Time to Rethink Active Shooter Training?

Best-practice guidance

Those of you who have followed me over the years know that I have always been a strong proponent of preventing school violence, rather than focusing solely on after-the-fact actions and active shooter training. I firmly believe that a great deal of violence can be prevented by knowing what to watch for and having a process in place for reporting and assessing concerning words and behaviors.

Of course, I also believe that we need to be prepared overall, for all possible crises and emergencies. This includes knowing how to respond to fires, intruders, chemical leaks and many other hazards.

So, yes, we should know how to respond to an active shooter. But, we may have to rethink some of our current practices.

Research is beginning to support something many of us have believed all along: simulations of active school attacks can be frightening and traumatic for children and staff members.

The latest guidance on armed assailant drills comes to us from NASP, the National Association of School Psychologists and NASRO, the National Association of School Resource Officers. According to their joint report, Best Practice Considerations for Armed Assailant Drills in Schools, “schools should not use simulation techniques with students, and exercises should be appropriate to the participants’ development level and physical abilities. If sensorial exercises are conducted with staff, they should consent and be informed of the tactics being used, mental health supports must be available on-site during the exercises and after the exercises, and adult participants must be informed of the use and purpose of props and simulation aids prior to the drill. Drills should never involve props that interject or simulate physical harm (e.g., paintballs or rubber bullets) or physical contact with participants.”

So, what does this mean for your school? Training exercises should follow a progression of steps, beginning with basic activities. Going forward, lockdown drills should still be a critical component of training. Frequent nonsenorial/nonsimulation planning and walking through potential crises should comprise a great deal of your preparedness efforts. Options-based drills can provide alternative strategies for both staff and students to implement during an emergency situation.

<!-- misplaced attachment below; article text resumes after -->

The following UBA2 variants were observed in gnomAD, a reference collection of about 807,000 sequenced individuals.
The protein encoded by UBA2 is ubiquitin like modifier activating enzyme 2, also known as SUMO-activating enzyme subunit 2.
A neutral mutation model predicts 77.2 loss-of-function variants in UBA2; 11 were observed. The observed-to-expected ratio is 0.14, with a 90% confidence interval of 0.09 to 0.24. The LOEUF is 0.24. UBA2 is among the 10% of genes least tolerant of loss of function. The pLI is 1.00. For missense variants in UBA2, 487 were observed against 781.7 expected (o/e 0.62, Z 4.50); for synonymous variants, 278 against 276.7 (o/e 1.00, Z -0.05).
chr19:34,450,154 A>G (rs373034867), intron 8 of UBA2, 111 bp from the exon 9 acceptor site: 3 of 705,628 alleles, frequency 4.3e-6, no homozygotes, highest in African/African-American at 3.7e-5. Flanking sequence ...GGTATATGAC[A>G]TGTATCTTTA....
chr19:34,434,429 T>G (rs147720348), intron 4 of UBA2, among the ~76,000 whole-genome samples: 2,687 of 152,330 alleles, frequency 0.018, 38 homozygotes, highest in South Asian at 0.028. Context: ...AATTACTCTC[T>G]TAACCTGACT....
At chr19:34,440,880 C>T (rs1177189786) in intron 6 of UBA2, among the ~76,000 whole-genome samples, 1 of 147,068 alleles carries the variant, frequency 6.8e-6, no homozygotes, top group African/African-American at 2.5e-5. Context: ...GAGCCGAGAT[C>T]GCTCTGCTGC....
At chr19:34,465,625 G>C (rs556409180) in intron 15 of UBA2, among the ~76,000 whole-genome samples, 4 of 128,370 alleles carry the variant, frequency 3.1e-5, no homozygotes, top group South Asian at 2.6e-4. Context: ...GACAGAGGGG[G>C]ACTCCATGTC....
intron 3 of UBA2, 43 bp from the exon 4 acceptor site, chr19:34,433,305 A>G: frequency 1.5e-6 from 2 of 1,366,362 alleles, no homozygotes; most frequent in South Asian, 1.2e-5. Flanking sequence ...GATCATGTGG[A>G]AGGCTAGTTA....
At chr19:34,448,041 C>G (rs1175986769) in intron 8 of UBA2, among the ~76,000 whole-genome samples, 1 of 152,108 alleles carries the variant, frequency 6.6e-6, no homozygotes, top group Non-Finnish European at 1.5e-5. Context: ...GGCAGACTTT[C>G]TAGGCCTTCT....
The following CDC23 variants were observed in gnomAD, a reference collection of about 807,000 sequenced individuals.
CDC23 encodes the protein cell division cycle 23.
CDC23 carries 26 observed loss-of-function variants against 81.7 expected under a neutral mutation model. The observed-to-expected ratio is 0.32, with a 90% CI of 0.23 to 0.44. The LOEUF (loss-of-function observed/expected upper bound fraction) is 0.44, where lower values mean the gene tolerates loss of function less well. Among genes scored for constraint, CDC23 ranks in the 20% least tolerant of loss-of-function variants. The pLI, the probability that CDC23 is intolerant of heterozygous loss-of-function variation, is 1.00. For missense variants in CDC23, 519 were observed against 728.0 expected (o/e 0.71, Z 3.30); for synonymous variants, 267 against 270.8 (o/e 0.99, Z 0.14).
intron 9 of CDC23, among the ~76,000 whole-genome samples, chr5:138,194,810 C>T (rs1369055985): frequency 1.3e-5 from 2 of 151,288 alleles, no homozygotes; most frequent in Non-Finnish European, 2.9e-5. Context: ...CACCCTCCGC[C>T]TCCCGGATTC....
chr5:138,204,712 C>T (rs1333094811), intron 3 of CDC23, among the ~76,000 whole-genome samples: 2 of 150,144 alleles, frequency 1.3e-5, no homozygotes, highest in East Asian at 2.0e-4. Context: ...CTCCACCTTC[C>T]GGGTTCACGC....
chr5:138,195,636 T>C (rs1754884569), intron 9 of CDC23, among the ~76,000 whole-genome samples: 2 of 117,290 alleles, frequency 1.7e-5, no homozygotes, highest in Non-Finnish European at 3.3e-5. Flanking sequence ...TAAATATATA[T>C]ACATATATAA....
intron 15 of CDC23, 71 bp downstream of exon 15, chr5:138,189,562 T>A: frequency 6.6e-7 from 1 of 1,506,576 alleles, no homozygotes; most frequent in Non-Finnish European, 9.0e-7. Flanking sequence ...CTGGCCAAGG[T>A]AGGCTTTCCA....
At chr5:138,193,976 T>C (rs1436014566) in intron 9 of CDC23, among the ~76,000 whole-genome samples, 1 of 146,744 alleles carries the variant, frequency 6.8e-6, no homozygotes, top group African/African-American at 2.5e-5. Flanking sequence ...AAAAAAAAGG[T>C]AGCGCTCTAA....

For more detailed guidance in planning and implementing your preparedness and drill protocols, click here for the report referenced above.

Why Students Fail to Report Concerns

Why students fail to report concerns

One of the smartest, least costly and most effective things we can do to improve our school’s level of safety is train our students to report concerns to an adult.

There are a number of reasons students fail to report concerns, even those that frighten them. According to a 2008 study, often termed the Bystander Study, here are the reasons:

They do not know how to report

It’s vital that we explain our procedures for reporting so students know how to do so. This might be a conversation with a trusted staff member, a text-line, or a simple suggestion box near the counselor’s office.

They don’t know whom to contact with concerns (this goes for parents as well)

We need to make it clear that students (and parents) can contact any staff member in the building and that their concerns will be relayed to someone who will take them seriously and look into the situation. Of course, this means that we need to cultivate a climate of trust and follow-through in our schools. And, we need to train our staff to be responsive to concerns and follow reporting procedures.